Robert Bowman Contributor
From Logistics and Transportation
logistics, international trade and supply-chain management
10 Predictions for U.S. Customs and Border Protection in 2014
Big changes are underway at U.S. Customs and Border Protection (CPB), which appears to be shifting from a single-minded focus on fighting terrorism to one that includes regulating trade.
That’s the view of Florida attorney Peter Quinter, who chairs the Customs & International Trade Law Group of GrayRobinson, P.A. He has come up with a list of 10 predictions about where CPB is headed — and, consequently, what importers and exporters need to be concerned about — in the year ahead.
1. His first — that CBP will get a new, permanent commissioner — is already well on its way to being fulfilled. Following up on a promise made last summer, President Obama has nominated Richard Gil Kerlikowske for that post. He should bring some much-needed continuity to the agency, which has seen a series of acting heads over the past several years.The former U.S. drug czar — Kerlikowske directed the Office of National Drug Control Policy – has promised to focus on a number of initiatives aimed at streamlining the flow and inspection of imports and exports. Quinter said the appointment reflects a shift in CBP’s mission, one that balances trade enforcement with antiterrorism efforts. The Senate held a friendly confirmation hearing on January 15.
2. Despite continuing battles over federal spending and sequestration, CBP will get a big budget increase. The agency’s budget for fiscal 2014 was $12.9 billion, up 6.5% over the prior year. Expect it to go even higher in FY2015. Quinter said the funding direction has been up ever since 2003, when Customs became part of the Department of Homeland Security and took on responsibility for immigration enforcement as well. “It’s been more planes, guns, boats, people and equipment,” he said.
3. The “do-nothing” Congress will pass a Customs reform bill, which has been around in one form or another for at least seven years. The measure will underscore the agency’s new direction of regulating trade. Quinter predicted that customs inspectors will spend less time stopping and frisking individuals, and more on examining merchandise in containers. The change will make it even more imperative that traders, brokers and carriers join the Customs-Trade Partnership Against Terrorism (C-TPAT), a “voluntary” program which grants expedited processing to participants. It is now being expanded to include foreign companies, Quinter said.
4. As part of a return to its original mission, CBP will perform a record number of importer audits, aimed at companies attempting to avoid payment of antidumping duties. And don’t think you’re in the clear if you hear nothing right away — the agency has five years in which to audit paperwork on goods flowing into the country. What’s more, said Quinter, an audit almost always results in the finding of a violation, and payment by the importer.
5. The U.S. will continue to crack down onintellectual property violations. CBP will place a high priority on examining and seizing imported counterfeit merchandise. Whether that effort will have any effect on rampant violations in China is another question. Quinter said it’s getting tougher to buy counterfeit merchandise on the street in China, but reports suggest that plenty of sellers still hawk fake merchandise behind closed doors.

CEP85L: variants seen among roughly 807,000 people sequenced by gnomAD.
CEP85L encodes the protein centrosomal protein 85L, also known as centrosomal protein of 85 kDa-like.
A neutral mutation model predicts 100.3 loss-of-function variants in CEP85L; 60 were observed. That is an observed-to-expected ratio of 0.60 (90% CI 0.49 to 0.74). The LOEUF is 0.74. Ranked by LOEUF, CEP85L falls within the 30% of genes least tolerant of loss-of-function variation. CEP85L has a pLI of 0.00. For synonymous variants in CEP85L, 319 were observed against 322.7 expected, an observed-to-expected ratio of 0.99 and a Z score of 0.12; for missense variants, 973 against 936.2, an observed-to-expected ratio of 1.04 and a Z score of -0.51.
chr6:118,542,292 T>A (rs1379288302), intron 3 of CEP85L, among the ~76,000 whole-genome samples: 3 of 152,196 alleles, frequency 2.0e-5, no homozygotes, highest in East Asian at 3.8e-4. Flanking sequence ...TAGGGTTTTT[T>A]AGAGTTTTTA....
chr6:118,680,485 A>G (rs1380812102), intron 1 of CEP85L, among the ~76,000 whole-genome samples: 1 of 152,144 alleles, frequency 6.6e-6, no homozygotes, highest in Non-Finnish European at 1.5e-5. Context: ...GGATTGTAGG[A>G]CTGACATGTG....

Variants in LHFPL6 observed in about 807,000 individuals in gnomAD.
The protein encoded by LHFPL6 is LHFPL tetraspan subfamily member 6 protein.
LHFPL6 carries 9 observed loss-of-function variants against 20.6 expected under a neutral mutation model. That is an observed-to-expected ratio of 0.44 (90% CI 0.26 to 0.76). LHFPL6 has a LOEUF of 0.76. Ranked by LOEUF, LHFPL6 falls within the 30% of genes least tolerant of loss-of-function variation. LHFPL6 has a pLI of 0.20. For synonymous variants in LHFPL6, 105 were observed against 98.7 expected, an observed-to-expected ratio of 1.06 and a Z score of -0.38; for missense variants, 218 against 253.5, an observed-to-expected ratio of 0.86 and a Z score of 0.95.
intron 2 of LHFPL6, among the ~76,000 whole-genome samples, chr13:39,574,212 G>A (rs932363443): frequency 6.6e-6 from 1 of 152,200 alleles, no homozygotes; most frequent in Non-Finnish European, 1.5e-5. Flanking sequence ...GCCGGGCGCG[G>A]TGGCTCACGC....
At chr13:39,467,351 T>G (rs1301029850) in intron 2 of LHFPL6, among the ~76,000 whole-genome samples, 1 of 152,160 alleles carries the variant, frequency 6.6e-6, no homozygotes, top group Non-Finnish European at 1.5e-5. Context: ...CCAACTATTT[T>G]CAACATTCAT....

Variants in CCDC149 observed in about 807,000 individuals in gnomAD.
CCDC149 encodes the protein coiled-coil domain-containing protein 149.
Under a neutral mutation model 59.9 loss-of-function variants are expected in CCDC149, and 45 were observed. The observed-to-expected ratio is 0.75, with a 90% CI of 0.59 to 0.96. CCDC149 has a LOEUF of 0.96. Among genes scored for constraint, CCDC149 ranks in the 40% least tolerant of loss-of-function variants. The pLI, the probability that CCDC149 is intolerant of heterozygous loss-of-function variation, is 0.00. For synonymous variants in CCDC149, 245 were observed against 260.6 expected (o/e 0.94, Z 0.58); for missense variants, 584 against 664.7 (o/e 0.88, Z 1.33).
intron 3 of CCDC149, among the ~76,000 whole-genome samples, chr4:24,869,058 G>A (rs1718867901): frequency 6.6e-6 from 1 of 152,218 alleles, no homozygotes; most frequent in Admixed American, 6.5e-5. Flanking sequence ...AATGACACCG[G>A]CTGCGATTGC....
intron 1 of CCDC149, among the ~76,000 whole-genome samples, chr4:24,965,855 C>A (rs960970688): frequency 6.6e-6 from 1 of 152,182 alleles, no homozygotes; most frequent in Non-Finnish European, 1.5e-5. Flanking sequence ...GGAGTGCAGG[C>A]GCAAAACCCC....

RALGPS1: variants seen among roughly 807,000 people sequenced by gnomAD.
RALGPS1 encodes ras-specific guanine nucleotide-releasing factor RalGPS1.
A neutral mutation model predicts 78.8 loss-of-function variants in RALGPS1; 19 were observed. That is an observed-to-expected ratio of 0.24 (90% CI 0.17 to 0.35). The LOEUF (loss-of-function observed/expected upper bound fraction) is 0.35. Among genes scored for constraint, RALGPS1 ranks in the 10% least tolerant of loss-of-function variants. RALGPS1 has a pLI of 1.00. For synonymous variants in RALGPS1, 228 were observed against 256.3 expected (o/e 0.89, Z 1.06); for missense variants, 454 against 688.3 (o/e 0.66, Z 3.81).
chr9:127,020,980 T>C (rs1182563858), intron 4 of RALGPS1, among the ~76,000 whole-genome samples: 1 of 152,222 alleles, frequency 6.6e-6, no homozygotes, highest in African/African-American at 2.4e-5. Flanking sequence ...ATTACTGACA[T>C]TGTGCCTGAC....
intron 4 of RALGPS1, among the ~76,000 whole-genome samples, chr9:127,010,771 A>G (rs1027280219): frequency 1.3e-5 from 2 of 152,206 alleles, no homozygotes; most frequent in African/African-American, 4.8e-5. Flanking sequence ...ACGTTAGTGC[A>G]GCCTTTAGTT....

6. CBP will place more officers in U.S. embassies and consulates, to smoke out counterfeit goods and narcotics destined for the U.S. Customs will step up inspection of containers before they’re loaded aboard ship. “Why wait until the container comes here?” asked Quinter. Few people are aware of the extensive role that U.S. agents play in fighting narcotics trafficking in other countries, he added.
7. The U.S. Government Accountability Office will issue yet another critical report about CBP’s system for selecting the cargoes that should be considered high-risk, and flagged for inspection. GAO doesn’t believe Customs has proved that it knows which shipments to examine for drugs, counterfeit goods or nuclear materials. “I don’t think the targeting systems are very good,” said Quinter, “and they’re not getting any better.” CBP’s methods are far more random than the agency claims, he said.
8. A record number of licensed customs brokers will be counseled by CBP’sBroker Management Offices around the country — and assessed penaltiesfor various violations of the law. Customs and other government agencies are demanding an “overwhelming” amount of information from brokers today, and errors are rampant. A counseling session might be limited to a meeting with a CBP import specialist. Or it could result in a penalty of $30,000 per violation and even revocation of a broker’s license. You can thank the burgeoning CBP budget for the extra staff that makes the program possible.
9. C-TPAT will expand its membership categories to include warehouses and trucking companies. Currently the program is restricted to importers, airlines, railroads, ocean carriers, customs brokers, third-party logistics providers and port authorities. Beyond that, CBP will likely extend membership to exporters shipping to the U.S., said Quinter.
10. CBP employees will see a significant bump in pay, having been forced to accept “insultingly low” increases over the past few years. Previous raises haven’t even kept pace with inflation. A decent increase, Quinter said, would be at least 3% to 5%, given the current low inflation rate. The likely result is more motivated Customs officers — and a need for importers and exporters to be even more vigilant about complying with an ever-expanding body of